Mother of the Year?


We all know Betty Draper is not the ideal mother. Danny Miller’s article "June Cleaver vs. Betty Draper," triggered by the death of actress Barbra Billingsley who played famous TV mother June Cleaver, points this out by analyzing the similarities and differences between Betty Draper and June Cleaver. This article discusses June Cleaver and her image as the ideal 1960’s mother juxtaposed with Betty Draper who, as Miller describes, is a representation of mothers of the 1960’s through a “savagely realistic lens.” Although the two TV mothers may appear physically similar, there are many differences between the personalities of the two women. Miller points out that although June seems like the typical submissive wife she is no pushover. This conviction is exactly what is missing from Betty that makes her such a weak character. Although Miller accepts the fact that Betty Draper is not a good mother to her children, he also explains why he can’t help but sympathize with Betty. He describes Betty as a “tragic figure” who is “trapped in life circumstances.” The article then goes on to discuss the actress who played June Cleaver and how she was just as graceful as her character. Finally the article concludes by saying that Betty Draper would greatly benefit from the opportunity to meet with June Cleaver.

Image credit: http://www.huffingtonpost.com/danny-miller/june-cleaver-vs-betty-dra_b_767067.html

I also find myself feeling bad for Betty Draper and cannot bring myself to completely hate her. Although I have only seen the first season and know that I will be seeing many worse actions from Betty in the future that may sway my opinion, I do not blame her completely for her actions. It is difficult to imagine a life in which we feel we are stuck with absolutely no way out. Although Betty may seem to be a very dramatic representation of the 1960’s mother, her situation was much more common than most people would like to believe. One thing Miller’s article references, that many people seem to forget, is that Don is no perfect father either. We do not criticize Don’s interactions with his kids because we rarely get to see him actually spending time with them. At least Betty occasionally makes an effort to know her children. Although Don often calls Betty childish, Don could be seen as just another child to Betty. She is responsible for cooking for Don and doing his laundry, just as she does for Sally and Bobby, and receives very little parenting help from him in return. It would be very difficult to argue that Betty is even relatively good at being a mother, but it is only fair to understand the background behind her character before judging her for her shortcomings.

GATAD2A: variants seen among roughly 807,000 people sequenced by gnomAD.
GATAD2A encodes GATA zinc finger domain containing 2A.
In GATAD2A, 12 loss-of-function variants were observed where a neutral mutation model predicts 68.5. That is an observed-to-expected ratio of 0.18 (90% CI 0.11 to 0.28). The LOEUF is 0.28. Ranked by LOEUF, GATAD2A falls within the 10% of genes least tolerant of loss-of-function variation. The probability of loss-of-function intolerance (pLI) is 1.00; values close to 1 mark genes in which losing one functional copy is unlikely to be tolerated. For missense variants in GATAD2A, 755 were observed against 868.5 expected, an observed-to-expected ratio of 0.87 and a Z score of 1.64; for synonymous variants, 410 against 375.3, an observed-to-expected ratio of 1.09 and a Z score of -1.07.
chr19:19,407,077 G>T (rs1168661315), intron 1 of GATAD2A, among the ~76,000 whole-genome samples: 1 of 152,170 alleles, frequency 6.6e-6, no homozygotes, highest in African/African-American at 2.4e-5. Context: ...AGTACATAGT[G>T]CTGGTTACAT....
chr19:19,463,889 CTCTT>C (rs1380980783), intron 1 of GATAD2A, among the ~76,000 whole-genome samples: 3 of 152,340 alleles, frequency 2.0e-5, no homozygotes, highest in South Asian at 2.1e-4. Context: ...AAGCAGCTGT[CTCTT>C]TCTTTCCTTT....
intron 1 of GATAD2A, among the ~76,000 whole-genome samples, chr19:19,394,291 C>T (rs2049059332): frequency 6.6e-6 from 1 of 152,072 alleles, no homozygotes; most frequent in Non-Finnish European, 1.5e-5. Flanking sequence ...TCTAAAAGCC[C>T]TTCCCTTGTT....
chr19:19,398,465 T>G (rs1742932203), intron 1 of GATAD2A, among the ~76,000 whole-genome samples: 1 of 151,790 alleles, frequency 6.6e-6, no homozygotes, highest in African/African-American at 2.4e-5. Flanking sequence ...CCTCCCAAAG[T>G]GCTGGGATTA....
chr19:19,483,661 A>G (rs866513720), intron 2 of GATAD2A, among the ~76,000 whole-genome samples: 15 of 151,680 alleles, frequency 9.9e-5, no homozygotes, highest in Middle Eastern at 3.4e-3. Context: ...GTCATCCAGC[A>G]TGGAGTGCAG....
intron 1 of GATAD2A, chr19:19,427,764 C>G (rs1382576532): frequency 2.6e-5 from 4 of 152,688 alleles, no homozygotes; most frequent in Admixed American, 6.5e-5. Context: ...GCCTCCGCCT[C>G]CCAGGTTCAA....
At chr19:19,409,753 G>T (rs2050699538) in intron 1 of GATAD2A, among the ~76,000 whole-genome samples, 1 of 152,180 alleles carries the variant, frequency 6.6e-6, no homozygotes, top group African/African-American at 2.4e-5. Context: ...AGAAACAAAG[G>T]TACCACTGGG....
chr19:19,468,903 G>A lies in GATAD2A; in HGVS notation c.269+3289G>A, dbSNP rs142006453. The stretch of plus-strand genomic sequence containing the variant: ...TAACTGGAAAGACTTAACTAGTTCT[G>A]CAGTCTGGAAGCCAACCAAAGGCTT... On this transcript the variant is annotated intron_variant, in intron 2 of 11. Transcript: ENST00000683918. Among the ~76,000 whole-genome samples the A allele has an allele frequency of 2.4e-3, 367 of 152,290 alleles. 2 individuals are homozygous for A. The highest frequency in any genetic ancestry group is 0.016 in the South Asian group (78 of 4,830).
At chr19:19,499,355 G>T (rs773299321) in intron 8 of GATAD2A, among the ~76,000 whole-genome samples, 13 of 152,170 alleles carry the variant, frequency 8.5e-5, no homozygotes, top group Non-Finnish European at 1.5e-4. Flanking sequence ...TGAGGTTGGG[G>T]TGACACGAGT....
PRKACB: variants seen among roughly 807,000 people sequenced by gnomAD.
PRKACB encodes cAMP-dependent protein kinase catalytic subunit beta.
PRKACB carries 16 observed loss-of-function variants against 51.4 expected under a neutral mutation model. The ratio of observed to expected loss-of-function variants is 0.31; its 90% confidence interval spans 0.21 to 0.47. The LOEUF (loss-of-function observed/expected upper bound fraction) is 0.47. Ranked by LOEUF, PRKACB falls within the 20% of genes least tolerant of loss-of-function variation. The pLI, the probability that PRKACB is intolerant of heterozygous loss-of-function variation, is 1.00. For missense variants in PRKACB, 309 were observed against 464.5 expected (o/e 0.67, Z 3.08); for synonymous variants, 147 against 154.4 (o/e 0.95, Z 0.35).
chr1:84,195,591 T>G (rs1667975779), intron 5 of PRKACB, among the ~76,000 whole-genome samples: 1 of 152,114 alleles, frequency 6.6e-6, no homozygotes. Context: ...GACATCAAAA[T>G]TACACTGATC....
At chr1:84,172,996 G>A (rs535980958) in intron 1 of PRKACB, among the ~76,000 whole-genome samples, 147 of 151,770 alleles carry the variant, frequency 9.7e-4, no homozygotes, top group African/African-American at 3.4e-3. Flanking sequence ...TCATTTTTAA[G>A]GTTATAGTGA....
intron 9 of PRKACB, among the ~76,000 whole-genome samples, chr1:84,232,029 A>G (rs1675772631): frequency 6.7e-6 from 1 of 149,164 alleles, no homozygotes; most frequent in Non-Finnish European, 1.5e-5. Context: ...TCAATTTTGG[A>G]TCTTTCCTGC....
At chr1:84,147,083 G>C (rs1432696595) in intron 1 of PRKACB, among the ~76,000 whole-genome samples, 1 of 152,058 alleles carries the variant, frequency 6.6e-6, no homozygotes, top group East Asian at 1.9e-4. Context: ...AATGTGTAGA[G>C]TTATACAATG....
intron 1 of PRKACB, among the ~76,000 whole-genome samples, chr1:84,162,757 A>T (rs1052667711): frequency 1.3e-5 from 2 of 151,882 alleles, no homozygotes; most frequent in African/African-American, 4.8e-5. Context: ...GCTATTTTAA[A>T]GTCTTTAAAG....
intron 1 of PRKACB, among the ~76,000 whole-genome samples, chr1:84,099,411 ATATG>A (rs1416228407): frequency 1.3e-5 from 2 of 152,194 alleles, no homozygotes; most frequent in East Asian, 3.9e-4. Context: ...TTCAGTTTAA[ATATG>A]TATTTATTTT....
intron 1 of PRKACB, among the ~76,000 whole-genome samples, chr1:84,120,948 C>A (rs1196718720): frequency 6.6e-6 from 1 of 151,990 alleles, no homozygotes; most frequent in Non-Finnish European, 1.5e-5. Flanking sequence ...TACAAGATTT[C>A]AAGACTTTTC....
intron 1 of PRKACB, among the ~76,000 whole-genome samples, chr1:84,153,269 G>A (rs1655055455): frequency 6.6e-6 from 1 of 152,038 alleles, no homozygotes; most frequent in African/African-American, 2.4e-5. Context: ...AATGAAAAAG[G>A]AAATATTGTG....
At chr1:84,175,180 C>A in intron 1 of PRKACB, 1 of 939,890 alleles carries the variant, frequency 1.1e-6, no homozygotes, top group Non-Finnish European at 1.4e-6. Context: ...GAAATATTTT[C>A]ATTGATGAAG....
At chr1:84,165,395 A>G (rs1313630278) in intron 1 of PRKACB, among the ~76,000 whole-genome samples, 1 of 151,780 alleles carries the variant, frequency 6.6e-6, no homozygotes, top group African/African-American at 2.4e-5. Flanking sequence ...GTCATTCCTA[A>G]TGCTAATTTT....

Source Referenced:
Miller, Danny. "June Cleaver vs. Betty Draper." The Huffington Post. 18 Oct. 2010. Web.


  1. I thought this blog post was very interesting. I agree with the writer's sympathy for Betty. I don't particularly like Betty but I do sympathize with her station in life.She is stagnant and has no opportunities to progress as a person. She can only be a mother and an housewife, which doesn't fulfill her as a person. I would never be able to as docile and unassuming as Betty. If I were her I would have had a breakdown.

  2. I think that this author makes many valid points in their post but I do have to disagree with some. For starters, I like the character of Betty Draper but I don't have much sympathy for her. I more get frustrated with the fact that she doesn't use common sense to recognize the fact that Don is repeatedly cheating on her. Although I have only seen the first season, I disagree with the fact that Betty makes an effort to know her children. Betty has very ordinary/traditional interactions with her children and often doesn't seem to care for them too much. I would argue that Don has more interaction with his kids. For example: Don takes the time to talk to Robert and tell him the truth; Sally asks for a puppy for her birthday he buys it for her; and every time Don comes home from work,his kids are very excited to see him. I have yet to see that excitement from them when Betty gets home. Finally, the author refers to Don being a child.In modern times this would hold more truth but in the 1960s that is how life was. The wife was expected to take care of her husband and have dinner ready when he got home to keep him happy.